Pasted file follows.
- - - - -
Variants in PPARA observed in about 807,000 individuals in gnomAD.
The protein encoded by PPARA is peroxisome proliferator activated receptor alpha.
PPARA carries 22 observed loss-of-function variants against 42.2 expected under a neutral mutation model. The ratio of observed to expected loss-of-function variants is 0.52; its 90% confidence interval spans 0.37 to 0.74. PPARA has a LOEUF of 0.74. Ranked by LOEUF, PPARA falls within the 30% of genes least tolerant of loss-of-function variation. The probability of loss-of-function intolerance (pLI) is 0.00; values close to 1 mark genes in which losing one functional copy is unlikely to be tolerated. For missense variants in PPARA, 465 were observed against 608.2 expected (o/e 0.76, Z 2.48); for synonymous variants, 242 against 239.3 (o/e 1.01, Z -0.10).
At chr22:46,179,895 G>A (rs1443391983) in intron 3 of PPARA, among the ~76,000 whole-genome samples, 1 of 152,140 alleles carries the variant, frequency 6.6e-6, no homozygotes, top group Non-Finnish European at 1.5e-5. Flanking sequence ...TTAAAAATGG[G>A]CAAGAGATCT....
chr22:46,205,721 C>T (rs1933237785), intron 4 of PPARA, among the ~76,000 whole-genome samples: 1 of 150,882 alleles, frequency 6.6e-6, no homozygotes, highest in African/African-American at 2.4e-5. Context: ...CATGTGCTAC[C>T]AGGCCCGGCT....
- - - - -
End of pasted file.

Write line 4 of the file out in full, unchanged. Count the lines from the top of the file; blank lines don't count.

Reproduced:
At chr22:46,179,895 G>A (rs1443391983) in intron 3 of PPARA, among the ~76,000 whole-genome samples, 1 of 152,140 alleles carries the variant, frequency 6.6e-6, no homozygotes, top group Non-Finnish European at 1.5e-5. Flanking sequence ...TTAAAAATGG[G>A]CAAGAGATCT....